Taj Indian Cuisine

Originally published in the June 2016 issue of Dispatch Magazine

One of my least favorite kinds of food snobs is the type who turns up their nose at a restaurant solely on its proximity to the mall. These are the same people who get a warm, fuzzy feeling overpaying at whatever James WHO? Award–winning restaurants they can get a table at just so they can tell their friends they did.

By leading this kind of life, they’ll miss out on Taj, a small, no-frills Indian eatery nestled in the back of an Olive Garden parking lot, right next to a bunch of dumpsters. They will be completely oblivious to the existence of the world’s absolute greatest buffet, priced criminally low at $9.99 per person. And they’ll never have the opportunity to explore the sprawling dinner menu, which spans myriad regions of India with incredible finesse.


This dining type would probably also be upset that they aren’t greeted by a server within 178 seconds of sitting down, and that their food isn’t on the table six minutes later. However, a bit of patience will reward them with dishes like onion mirchi bajji ($1.49), spicy deep-fried jalapeños stuffed with onion and battered with chickpea flour, or the Southern Indian crepe-like staple, dosa, served with a variety of fillings and dipping sauces ($5.49–8.49). The food arrives whenever it’s done, but I can guarantee that the gobi 65 ($7.99 — and not to be confused with Eiffel 65, creators of that “Blue [Da Ba Dee]” song), vibrantly seasoned cauliflower gently simmered in yogurt and citrus, as well as the cholle batura ($8.99), essentially fried dough served with tender chickpeas, will be delicious whenever the hell they arrive.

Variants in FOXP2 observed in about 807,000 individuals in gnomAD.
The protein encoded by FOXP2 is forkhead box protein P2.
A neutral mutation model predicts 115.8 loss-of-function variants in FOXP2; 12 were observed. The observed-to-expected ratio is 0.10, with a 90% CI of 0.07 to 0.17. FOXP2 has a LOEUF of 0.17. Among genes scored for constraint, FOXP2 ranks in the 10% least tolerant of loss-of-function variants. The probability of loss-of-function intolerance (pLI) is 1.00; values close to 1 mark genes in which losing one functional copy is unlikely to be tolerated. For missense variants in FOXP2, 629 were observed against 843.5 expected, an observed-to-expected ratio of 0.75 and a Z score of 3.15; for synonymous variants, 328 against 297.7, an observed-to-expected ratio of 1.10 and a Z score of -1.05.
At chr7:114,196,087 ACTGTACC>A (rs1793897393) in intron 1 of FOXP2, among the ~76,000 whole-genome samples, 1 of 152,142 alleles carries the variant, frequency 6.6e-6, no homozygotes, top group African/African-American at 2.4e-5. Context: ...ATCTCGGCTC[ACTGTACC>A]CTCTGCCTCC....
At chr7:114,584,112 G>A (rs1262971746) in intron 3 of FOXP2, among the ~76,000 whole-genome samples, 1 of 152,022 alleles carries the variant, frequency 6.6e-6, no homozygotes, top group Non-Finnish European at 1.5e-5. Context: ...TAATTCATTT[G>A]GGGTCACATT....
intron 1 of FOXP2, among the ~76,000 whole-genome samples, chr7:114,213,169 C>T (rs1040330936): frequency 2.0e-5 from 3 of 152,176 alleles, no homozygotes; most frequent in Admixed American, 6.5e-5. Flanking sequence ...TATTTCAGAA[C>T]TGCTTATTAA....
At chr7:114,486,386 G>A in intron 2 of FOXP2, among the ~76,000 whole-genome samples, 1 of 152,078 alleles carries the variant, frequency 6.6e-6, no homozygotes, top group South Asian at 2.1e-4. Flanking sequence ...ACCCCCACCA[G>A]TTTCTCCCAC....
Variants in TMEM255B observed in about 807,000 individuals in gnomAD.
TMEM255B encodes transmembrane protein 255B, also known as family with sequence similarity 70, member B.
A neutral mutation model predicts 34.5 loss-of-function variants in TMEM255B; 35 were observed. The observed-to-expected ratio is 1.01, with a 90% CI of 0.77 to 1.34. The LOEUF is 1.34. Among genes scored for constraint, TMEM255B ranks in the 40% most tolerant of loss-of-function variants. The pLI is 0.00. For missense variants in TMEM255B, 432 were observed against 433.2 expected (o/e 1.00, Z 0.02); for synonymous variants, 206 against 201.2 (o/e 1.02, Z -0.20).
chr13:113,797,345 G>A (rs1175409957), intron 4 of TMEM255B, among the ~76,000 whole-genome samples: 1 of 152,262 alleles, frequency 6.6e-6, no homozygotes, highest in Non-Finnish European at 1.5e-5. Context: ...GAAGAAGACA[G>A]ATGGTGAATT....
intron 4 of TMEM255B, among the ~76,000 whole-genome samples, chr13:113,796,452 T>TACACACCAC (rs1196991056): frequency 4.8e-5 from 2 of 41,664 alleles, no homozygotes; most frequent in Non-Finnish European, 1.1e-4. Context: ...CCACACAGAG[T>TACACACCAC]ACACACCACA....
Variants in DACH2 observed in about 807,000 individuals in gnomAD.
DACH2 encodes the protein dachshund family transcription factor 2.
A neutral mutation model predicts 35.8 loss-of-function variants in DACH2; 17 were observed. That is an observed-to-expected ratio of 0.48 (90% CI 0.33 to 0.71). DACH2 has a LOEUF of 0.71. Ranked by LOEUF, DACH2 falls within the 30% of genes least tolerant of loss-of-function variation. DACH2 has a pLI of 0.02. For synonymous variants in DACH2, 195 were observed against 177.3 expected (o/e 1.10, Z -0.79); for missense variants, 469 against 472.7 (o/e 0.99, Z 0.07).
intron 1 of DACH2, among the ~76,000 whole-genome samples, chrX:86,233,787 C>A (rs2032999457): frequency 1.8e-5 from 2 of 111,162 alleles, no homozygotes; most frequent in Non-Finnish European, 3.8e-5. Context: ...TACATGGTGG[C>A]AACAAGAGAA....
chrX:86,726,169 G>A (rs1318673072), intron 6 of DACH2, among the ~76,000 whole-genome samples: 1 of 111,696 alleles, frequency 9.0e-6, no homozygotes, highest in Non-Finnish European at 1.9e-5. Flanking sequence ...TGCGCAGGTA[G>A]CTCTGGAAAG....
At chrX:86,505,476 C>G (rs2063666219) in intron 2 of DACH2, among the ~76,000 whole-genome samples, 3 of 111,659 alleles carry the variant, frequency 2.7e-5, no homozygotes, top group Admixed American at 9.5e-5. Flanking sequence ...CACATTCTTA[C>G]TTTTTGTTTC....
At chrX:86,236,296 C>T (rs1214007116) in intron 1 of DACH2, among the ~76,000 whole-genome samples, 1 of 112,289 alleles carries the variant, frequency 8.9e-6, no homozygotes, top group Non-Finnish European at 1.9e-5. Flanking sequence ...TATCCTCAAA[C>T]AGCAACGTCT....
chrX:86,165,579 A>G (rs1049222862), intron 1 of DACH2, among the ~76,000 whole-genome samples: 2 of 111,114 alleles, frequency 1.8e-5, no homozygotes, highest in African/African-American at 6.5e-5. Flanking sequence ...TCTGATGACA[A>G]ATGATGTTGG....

One thing I’m guilty of, especially when it comes to Indian cuisine, is ordering the exact same thing time and time again. On a recent visit, though, my departure from the lamb khorma into unfamiliar territory was rewarded with mind-numbingly great dishes, like Green Chicken ($11.99), simmered with a fiery sauce driven by finely chopped hibiscus sabdariffa. The navaratan khorma ($12.99), described as a “royal entrée” and consisting of nine vegetables simmered in a beautiful, sunflower-hued cream sauce, was so delectable that it may very well replace its lamb-bearing cousin in my rotation.

The skill of Taj’s chefs is showcased brilliantly with their tandoori chicken ($19.99 full, $11.99 half), which arrives nuclear-hot, straight from the clay oven. It practically falls off the bone, and gets even better when wrapped in coconut naan and laden with a cooling dollop of raita.


All of this deliciousness is best accompanied by a mango lassi — especially if you’re skittish around unapologetically spicy food.

If, after the meal, mall-side dining still seems pedestrian to you, you can always head over to Williams–Sonoma and purchase a $130 All-Clad wok and a $50 box of “finishing salts” to assure yourself that you are, in fact, still among the culinary elite.

200 Gorham Road #8, South Portland | 207-828-6677 | tajofmaine.com